Nuclear power plant dismantling more delayed than continued operation
EnBW has been organizing the end of the nuclear age for years. Now the consequences of the Russian war of aggression in Ukraine are thwarting her plans – and not only with regard to the operation of the reactors.
The extended lifetime of the nuclear power plant (NPP) Neckarwestheim II significantly delays the dismantling plans of the operator EnBW. It is about more than the three and a half months that the reactor in the Heilbronn district is to remain connected to the grid, said the managing director of the nuclear power division, Jörg Michels, on Monday in Philippsburg. The delay is expected to be several months, possibly even well over a year, he said. EnBW is trying to dismantle its piles within 10 to 15 years.
She plans about ten years in advance, said Michels. The group commissions companies that provide personnel and equipment, for example, make contracts and agree on appointment windows. All of this is now being reorganized step by step. However, the companies are also working for other customers – also abroad and also with running kilns – so that agreed dates cannot simply be postponed by three and a half months. Running costs of more than one million euros were incurred every month in operation.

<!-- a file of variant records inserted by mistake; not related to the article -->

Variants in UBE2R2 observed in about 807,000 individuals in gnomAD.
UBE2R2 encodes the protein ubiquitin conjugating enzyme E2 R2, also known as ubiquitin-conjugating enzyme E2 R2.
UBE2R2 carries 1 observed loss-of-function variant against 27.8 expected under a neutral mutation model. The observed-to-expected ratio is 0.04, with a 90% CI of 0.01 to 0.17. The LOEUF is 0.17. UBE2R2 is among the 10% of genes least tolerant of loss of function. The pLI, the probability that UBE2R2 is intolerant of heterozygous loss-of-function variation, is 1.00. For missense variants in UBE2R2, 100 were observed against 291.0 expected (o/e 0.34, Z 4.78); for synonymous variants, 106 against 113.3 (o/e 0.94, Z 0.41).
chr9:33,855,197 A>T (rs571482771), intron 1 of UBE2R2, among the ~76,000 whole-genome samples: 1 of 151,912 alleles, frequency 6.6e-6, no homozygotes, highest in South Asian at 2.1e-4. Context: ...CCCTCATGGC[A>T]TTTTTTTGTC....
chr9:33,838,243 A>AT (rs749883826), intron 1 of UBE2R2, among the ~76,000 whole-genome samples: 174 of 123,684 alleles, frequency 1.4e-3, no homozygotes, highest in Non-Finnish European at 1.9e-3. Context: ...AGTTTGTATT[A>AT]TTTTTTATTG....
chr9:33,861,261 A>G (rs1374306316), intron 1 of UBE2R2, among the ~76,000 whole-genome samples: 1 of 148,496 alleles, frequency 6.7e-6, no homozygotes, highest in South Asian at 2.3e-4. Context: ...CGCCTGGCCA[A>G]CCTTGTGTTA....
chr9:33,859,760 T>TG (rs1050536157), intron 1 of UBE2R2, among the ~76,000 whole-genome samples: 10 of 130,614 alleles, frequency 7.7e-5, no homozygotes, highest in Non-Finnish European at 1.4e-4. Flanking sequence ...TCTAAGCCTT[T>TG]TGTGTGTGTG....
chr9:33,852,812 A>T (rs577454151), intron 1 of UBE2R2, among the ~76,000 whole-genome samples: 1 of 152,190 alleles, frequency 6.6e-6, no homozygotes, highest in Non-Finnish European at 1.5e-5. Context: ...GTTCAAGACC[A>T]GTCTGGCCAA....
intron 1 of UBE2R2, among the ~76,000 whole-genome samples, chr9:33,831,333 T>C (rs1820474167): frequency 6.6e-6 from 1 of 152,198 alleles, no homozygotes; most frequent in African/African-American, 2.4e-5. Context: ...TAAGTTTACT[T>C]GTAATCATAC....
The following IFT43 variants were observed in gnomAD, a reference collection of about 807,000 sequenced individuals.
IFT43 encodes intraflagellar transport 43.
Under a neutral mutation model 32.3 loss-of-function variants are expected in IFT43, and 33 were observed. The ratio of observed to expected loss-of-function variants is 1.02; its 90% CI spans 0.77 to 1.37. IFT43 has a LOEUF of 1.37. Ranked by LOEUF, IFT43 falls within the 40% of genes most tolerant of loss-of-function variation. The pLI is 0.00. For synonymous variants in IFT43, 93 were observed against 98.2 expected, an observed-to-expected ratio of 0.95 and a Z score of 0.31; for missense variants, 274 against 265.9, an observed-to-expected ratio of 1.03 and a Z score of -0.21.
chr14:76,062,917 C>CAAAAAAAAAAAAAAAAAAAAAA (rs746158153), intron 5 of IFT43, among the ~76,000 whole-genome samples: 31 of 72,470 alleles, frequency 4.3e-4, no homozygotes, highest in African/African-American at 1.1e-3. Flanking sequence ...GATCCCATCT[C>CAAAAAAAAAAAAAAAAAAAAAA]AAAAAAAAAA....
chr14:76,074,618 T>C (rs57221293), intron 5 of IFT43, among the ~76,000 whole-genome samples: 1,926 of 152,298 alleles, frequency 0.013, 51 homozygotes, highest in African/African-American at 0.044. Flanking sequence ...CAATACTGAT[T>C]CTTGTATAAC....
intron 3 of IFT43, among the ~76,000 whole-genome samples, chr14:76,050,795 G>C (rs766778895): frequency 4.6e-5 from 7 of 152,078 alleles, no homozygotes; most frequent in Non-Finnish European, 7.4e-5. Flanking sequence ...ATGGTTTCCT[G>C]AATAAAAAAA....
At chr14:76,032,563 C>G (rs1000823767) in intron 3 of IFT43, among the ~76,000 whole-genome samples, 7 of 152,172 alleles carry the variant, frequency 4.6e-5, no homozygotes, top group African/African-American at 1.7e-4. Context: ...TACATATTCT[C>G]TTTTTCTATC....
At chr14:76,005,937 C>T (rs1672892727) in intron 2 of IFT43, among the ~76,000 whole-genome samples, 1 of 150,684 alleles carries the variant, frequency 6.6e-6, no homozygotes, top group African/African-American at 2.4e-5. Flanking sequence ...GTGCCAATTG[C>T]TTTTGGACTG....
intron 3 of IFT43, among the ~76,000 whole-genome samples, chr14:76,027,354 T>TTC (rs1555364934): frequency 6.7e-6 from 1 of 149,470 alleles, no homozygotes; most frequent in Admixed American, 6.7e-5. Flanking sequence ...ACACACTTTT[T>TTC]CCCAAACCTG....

Continued operation and rescheduling led to enormous effort, said Michels. But: “It’s not about economic aspects. It’s about security of supply, about network stability.”
It was actually planned that Neckarwestheim II and Isar 2 in Bavaria and the Emsland kiln in Lower Saxony, as the last three nuclear power plants still in operation in Germany, would be taken off the grid at the end of the year. In order to secure the energy supply in Germany as a result of Russia’s war of aggression in Ukraine, they should now remain connected to the grid and produce electricity by mid-April 2023 at the latest.
Block II in Neckarwestheim will be shut down on December 31 and then stand still for two to three weeks. During this time, around 200 fuel elements will be reassembled. This should ensure electricity production of up to 1.7 billion kilowatt hours after the restart by mid-April. Without the new configuration, only about a third of that would be possible, Michels clarified.
Electricity production in Block I had already ended in 2011 after the federal government decided to phase out nuclear power in Germany as a result of the Fukushima nuclear disaster. It went into operation in 1976. Block II went online 13 years later.
Michels made it clear that in order to be able to operate Neckarwestheim II beyond April 15, the plans would have to be approved by politicians now. New fuel elements would then have to be procured, a major overhaul of the power plant would be necessary and staff would have to be trained. You can’t just say next year that the nuclear lifespan will be extended again, emphasized Michels. “It’s illusory. It doesn’t work that way.” The FDP in particular has repeatedly questioned the nuclear phase-out in the spring.
Information about the Neckarwestheim nuclear power plant